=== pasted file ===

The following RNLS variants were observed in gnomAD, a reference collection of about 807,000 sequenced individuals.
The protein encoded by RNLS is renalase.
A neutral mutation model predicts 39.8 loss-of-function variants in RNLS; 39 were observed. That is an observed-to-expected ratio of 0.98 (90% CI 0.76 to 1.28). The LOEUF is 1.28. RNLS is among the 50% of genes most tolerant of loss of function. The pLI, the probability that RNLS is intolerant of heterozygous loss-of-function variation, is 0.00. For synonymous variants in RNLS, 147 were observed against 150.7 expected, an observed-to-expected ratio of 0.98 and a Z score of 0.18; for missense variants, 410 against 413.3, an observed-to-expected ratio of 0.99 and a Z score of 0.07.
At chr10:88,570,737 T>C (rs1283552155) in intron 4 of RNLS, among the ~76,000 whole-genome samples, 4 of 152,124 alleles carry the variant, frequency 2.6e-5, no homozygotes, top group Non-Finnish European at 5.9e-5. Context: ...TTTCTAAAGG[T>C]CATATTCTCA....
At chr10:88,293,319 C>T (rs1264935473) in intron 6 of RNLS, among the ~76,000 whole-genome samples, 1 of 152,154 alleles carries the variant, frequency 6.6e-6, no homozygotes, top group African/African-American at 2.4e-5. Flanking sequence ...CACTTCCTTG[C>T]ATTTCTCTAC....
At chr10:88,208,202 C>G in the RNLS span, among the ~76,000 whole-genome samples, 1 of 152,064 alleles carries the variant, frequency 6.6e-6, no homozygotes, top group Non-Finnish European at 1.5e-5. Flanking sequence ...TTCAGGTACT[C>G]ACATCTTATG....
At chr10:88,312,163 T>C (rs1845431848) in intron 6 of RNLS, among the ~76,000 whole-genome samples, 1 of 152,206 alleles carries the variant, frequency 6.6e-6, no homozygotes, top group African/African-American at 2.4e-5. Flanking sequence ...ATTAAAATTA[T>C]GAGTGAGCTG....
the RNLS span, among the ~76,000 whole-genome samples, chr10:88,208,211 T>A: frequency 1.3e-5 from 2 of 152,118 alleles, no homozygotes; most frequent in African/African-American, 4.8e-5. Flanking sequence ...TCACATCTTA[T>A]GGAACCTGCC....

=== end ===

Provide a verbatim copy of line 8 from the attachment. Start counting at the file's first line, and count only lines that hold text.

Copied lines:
the RNLS span, among the ~76,000 whole-genome samples, chr10:88,208,211 T>A: frequency 1.3e-5 from 2 of 152,118 alleles, no homozygotes; most frequent in African/African-American, 4.8e-5. Flanking sequence ...TCACATCTTA[T>A]GGAACCTGCC....